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Band Training With T.O.


It’s truly a shame that most of what we know about Terrell Owens comes from sensationalized stores by overzealous reporters who are more concerned with what he said into a microphone after a game than his ability to tear through defensive backs while playing it. We have heard long diatribes about the dance Terrell did after scoring a particular touchdown, but not about the dedication that went into making that play possible in the first place. Overlooked is the fact that Terrell Owens is loved by his teammates and coaches and athletic players in the game of football today.

Even the most dedicated football fans know little of Terrell Owens’ story. It’s about an unexceptional young athlete who found a passion, then created his own destiny around it.

While playing for his junior high football team, Terrell was more likely to win a local Michael Jackson contest [yes, that really happened] than to make a play on the field. “I had just enough ability to make the team,” he says. And even though he began to stand out in his last two years of high school, Terrell wasn’t the team’s star; he didn’t even crack the starting lineup until his senior year.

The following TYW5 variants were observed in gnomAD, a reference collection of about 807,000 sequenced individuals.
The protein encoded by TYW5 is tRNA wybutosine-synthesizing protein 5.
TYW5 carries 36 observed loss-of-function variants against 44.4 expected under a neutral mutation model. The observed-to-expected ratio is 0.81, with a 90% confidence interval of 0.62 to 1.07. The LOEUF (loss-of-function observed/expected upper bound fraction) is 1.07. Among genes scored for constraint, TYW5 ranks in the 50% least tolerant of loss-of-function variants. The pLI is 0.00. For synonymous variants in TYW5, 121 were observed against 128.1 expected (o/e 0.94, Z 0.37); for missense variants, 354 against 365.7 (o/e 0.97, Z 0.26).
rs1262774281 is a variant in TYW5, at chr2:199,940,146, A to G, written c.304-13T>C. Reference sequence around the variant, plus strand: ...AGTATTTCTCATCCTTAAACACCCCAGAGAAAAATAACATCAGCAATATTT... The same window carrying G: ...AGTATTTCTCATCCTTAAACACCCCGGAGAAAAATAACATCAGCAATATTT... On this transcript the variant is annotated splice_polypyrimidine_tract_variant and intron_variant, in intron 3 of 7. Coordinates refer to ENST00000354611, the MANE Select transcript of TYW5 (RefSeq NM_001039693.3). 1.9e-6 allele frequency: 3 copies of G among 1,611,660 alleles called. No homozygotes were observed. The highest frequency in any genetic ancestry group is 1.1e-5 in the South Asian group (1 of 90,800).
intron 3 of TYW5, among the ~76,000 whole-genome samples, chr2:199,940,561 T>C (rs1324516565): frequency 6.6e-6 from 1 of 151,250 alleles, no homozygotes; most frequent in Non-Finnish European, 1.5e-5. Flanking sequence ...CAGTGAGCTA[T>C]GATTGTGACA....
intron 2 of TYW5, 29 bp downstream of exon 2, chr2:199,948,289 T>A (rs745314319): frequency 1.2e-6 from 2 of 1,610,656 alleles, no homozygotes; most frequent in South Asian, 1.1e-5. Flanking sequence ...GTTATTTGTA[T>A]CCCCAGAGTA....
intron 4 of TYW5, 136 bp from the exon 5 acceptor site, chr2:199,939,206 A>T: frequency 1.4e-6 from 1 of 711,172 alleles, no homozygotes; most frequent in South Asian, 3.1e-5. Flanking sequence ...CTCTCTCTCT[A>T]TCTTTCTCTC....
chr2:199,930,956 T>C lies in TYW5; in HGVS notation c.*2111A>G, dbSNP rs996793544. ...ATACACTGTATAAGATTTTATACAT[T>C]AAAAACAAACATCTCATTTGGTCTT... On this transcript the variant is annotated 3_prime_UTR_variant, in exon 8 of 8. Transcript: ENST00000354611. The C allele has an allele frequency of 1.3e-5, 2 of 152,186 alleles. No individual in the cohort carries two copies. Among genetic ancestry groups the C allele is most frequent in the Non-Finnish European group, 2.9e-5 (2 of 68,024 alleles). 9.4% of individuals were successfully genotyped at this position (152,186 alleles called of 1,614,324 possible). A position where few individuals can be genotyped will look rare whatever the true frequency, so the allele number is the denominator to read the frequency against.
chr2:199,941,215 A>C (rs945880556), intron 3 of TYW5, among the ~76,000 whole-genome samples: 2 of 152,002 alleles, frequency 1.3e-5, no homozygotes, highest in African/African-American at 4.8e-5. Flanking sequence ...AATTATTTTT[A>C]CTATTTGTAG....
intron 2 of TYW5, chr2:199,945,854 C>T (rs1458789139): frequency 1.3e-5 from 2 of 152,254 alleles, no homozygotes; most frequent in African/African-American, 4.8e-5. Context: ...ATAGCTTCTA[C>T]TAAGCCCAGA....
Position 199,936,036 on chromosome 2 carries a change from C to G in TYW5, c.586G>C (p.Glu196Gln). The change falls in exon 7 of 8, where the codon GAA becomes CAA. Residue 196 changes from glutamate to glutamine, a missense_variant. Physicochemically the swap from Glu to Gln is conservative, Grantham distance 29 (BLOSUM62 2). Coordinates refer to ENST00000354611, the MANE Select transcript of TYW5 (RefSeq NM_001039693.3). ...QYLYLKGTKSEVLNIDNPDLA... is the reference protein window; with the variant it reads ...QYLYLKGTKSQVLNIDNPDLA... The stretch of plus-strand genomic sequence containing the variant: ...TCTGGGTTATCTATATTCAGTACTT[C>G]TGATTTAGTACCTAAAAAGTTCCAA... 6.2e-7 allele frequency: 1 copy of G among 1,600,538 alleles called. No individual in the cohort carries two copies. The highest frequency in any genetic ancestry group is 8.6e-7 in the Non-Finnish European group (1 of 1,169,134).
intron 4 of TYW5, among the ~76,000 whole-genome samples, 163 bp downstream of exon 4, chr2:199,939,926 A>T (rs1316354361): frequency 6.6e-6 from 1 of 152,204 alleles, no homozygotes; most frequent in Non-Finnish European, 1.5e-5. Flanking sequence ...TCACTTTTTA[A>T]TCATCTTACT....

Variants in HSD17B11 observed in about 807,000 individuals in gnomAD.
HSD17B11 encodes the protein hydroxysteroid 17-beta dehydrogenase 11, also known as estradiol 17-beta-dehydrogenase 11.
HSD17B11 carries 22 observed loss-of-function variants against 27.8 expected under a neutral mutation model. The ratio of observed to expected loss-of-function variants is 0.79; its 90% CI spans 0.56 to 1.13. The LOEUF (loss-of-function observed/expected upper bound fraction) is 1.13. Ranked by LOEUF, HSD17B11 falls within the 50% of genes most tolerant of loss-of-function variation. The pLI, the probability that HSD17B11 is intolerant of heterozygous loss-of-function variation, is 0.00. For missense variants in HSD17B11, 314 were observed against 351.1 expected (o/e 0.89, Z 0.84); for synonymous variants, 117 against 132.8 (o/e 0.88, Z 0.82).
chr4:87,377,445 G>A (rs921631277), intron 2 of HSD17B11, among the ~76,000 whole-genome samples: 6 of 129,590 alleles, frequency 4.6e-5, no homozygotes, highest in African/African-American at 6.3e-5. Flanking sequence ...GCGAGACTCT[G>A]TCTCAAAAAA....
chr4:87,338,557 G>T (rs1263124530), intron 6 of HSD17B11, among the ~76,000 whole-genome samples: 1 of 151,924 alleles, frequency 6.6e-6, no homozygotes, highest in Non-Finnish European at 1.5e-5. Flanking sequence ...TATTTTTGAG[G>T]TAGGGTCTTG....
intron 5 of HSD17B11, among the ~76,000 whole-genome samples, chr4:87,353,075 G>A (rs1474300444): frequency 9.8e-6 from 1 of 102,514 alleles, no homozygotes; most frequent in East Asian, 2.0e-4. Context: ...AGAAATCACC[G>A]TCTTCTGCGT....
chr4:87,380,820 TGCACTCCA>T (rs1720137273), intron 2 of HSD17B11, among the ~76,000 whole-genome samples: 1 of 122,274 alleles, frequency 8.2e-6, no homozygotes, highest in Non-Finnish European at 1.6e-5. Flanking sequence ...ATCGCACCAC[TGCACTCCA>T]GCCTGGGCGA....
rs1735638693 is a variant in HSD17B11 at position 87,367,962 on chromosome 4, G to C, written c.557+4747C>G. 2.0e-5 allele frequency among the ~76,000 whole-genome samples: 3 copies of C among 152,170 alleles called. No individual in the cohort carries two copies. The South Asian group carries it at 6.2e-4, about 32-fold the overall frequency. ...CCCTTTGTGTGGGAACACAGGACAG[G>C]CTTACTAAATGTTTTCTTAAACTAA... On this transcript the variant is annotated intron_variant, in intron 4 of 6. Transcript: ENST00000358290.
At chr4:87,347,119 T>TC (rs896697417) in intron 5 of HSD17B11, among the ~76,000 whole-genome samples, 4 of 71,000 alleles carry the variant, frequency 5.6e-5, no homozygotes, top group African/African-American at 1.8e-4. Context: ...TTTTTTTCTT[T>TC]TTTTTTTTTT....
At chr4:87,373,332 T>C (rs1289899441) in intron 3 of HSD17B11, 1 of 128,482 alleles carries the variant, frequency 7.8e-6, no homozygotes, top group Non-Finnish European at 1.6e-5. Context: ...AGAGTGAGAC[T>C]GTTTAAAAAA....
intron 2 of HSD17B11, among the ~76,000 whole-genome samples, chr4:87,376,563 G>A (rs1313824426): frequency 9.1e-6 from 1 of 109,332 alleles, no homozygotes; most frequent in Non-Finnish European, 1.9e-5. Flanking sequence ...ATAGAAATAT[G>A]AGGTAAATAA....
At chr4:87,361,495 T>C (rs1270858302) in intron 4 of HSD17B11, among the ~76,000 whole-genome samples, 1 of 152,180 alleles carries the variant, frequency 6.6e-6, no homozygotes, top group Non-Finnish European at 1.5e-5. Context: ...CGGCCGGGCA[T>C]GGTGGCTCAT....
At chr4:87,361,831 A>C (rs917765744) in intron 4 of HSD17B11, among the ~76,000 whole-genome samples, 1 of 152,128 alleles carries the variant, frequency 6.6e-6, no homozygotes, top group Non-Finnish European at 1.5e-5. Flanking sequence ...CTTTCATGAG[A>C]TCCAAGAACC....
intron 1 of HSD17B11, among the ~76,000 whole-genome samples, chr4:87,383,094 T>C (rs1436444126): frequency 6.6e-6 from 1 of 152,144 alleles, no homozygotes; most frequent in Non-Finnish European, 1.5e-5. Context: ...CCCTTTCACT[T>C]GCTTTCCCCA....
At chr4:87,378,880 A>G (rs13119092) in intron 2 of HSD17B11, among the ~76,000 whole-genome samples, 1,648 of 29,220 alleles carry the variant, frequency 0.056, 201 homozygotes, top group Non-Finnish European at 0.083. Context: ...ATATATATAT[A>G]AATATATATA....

During those early years of athletic anonymity, a crucial catalyst in the creation of the Pro Bowl receiver we know today was formed. “During my junior and senior years, we had enrichment periods where you could study or do whatever you wanted,” Terrell says. “So I asked the teacher if I could get a pass to go down and lift weights…If I didn’t have any extra work to do, I was in the weight room. I was probably 6’1”, 175 pounds—soaking wet. I was a stickpin, so it took a lot of hard work, dedication and hours in that weight room.”

Despite his newfound volition, Terrell’s late athletic development prevented him from being a top recruit. It wasn’t until the University of Tennessee at Chattanooga was recruiting one of Terrell’s teammates that he was noticed. “They were watching film on him,” Terrell recalls. “They saw a few plays I made… [and] they invited me, sort of like a package deal. I just saw my time at the University of Tennessee-Chattanooga as a means of getting an education; my mom wouldn’t have been able to afford it for me.”